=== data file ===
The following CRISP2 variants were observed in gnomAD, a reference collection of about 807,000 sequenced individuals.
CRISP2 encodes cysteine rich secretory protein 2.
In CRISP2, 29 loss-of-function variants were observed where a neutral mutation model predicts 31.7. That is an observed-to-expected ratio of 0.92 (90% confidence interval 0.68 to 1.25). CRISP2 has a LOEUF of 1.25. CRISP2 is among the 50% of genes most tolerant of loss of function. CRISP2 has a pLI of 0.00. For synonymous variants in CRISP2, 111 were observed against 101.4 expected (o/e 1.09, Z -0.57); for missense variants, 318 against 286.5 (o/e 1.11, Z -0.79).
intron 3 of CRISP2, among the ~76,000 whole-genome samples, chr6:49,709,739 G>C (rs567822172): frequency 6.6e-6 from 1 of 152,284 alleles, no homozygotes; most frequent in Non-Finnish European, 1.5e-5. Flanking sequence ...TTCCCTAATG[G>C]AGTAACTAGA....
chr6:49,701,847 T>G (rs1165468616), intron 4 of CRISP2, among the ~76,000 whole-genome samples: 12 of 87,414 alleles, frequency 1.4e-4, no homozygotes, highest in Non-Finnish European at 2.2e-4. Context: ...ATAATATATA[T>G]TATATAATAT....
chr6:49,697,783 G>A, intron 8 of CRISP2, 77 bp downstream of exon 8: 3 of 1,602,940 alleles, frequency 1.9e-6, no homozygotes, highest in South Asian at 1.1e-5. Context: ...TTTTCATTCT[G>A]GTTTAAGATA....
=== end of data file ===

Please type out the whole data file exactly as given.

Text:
The following CRISP2 variants were observed in gnomAD, a reference collection of about 807,000 sequenced individuals.
CRISP2 encodes cysteine rich secretory protein 2.
In CRISP2, 29 loss-of-function variants were observed where a neutral mutation model predicts 31.7. That is an observed-to-expected ratio of 0.92 (90% confidence interval 0.68 to 1.25). CRISP2 has a LOEUF of 1.25. CRISP2 is among the 50% of genes most tolerant of loss of function. CRISP2 has a pLI of 0.00. For synonymous variants in CRISP2, 111 were observed against 101.4 expected (o/e 1.09, Z -0.57); for missense variants, 318 against 286.5 (o/e 1.11, Z -0.79).
intron 3 of CRISP2, among the ~76,000 whole-genome samples, chr6:49,709,739 G>C (rs567822172): frequency 6.6e-6 from 1 of 152,284 alleles, no homozygotes; most frequent in Non-Finnish European, 1.5e-5. Flanking sequence ...TTCCCTAATG[G>C]AGTAACTAGA....
chr6:49,701,847 T>G (rs1165468616), intron 4 of CRISP2, among the ~76,000 whole-genome samples: 12 of 87,414 alleles, frequency 1.4e-4, no homozygotes, highest in Non-Finnish European at 2.2e-4. Context: ...ATAATATATA[T>G]TATATAATAT....
chr6:49,697,783 G>A, intron 8 of CRISP2, 77 bp downstream of exon 8: 3 of 1,602,940 alleles, frequency 1.9e-6, no homozygotes, highest in South Asian at 1.1e-5. Context: ...TTTTCATTCT[G>A]GTTTAAGATA....